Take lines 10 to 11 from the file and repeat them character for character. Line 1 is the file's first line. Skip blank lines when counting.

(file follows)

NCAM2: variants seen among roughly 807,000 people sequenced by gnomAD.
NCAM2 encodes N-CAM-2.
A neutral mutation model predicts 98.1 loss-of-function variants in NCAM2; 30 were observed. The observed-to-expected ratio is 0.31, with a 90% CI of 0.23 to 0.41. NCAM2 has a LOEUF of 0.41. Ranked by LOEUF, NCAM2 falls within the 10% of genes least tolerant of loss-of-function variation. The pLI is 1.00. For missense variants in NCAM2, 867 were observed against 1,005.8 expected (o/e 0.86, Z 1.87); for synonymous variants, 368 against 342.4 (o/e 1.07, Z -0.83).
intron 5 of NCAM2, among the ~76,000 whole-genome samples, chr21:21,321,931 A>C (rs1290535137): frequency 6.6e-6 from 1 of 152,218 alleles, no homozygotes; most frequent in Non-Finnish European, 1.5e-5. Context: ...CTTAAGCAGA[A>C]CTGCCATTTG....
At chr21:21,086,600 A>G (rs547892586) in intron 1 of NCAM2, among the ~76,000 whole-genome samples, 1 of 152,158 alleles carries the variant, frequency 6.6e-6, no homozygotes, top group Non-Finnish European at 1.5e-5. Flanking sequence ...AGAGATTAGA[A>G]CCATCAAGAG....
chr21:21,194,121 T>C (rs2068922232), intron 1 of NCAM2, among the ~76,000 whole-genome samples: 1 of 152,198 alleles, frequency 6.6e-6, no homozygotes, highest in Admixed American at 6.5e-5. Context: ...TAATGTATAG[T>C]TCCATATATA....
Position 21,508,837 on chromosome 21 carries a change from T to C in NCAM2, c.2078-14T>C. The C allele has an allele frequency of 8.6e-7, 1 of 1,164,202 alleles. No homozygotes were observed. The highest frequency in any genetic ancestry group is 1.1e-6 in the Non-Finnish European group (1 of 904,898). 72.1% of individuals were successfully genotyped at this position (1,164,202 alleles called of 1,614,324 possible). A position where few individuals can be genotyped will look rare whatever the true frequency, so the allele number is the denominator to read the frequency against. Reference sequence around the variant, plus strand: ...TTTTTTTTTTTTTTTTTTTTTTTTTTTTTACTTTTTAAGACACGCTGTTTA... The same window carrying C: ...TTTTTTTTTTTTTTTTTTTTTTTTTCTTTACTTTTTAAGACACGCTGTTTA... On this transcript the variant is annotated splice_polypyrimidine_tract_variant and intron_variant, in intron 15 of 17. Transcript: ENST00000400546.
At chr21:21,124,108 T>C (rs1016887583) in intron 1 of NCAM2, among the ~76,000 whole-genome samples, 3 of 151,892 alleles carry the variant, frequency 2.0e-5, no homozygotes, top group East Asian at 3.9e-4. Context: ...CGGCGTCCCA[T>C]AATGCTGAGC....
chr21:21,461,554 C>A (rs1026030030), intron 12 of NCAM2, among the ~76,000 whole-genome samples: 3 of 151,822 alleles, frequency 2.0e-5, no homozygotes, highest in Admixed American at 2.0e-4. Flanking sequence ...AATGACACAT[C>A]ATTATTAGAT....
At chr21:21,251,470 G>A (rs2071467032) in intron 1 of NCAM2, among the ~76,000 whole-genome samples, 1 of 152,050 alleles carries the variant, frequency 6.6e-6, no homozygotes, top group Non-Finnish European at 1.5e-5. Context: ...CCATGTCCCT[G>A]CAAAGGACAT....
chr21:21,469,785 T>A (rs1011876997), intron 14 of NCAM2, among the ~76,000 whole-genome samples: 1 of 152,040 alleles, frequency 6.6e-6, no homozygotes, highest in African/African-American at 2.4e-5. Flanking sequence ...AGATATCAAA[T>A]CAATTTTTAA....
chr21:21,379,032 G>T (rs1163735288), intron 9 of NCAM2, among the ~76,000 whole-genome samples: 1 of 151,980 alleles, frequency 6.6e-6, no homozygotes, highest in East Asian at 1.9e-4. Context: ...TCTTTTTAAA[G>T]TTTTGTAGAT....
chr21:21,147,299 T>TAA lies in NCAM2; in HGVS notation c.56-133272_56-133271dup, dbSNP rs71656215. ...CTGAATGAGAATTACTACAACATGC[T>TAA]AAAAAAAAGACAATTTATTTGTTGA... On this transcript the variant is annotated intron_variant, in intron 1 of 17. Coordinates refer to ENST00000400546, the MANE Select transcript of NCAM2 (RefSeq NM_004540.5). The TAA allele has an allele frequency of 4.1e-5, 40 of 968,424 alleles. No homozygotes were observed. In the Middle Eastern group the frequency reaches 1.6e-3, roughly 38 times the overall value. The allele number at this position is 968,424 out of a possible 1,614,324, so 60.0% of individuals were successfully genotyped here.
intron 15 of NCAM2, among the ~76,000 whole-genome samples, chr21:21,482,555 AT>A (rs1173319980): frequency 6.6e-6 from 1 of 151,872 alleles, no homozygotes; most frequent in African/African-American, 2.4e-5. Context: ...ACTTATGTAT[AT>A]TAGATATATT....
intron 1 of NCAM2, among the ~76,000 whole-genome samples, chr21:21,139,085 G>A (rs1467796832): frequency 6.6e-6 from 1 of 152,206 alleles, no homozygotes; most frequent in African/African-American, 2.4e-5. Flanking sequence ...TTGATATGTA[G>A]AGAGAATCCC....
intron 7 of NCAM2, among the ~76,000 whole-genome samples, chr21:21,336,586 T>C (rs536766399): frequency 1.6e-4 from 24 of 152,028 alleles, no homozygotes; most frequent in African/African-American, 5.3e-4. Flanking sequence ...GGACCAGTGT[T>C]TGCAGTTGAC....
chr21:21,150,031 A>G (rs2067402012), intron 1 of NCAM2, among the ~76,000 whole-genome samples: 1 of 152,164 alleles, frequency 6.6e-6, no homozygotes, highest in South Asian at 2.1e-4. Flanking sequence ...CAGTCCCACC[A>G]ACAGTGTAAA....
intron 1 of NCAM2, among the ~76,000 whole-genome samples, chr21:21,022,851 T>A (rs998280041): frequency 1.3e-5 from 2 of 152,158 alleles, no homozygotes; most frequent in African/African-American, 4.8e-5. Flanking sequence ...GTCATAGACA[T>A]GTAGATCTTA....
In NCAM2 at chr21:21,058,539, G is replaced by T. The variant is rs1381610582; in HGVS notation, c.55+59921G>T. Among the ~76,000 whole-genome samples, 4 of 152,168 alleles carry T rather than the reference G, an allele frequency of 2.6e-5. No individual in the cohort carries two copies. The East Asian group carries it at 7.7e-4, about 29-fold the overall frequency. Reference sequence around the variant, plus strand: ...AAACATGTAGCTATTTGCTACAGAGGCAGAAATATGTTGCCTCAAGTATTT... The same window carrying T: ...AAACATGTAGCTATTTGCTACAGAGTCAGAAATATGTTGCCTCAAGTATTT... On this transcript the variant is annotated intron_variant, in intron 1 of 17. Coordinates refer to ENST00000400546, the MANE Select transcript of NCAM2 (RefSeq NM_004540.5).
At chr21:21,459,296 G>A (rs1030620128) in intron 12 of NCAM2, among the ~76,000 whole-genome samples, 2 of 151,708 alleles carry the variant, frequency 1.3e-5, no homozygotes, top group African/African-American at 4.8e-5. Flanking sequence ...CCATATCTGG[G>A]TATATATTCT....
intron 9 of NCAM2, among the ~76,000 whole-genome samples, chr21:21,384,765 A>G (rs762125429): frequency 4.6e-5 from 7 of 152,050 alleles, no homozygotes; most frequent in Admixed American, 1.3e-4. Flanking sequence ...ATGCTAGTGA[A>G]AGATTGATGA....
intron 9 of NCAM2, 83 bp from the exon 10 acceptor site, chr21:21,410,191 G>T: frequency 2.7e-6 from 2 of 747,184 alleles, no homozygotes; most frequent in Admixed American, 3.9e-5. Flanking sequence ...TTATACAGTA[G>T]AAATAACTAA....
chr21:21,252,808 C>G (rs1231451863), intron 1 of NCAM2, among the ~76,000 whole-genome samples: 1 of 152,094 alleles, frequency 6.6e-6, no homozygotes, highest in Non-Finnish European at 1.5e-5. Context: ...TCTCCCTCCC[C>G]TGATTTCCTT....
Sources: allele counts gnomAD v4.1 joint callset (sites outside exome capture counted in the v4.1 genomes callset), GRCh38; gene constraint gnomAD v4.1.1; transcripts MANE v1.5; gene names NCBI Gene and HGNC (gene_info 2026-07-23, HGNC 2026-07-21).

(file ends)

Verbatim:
At chr21:21,251,470 G>A (rs2071467032) in intron 1 of NCAM2, among the ~76,000 whole-genome samples, 1 of 152,050 alleles carries the variant, frequency 6.6e-6, no homozygotes, top group Non-Finnish European at 1.5e-5. Context: ...CCATGTCCCT[G>A]CAAAGGACAT....
chr21:21,469,785 T>A (rs1011876997), intron 14 of NCAM2, among the ~76,000 whole-genome samples: 1 of 152,040 alleles, frequency 6.6e-6, no homozygotes, highest in African/African-American at 2.4e-5. Flanking sequence ...AGATATCAAA[T>A]CAATTTTTAA....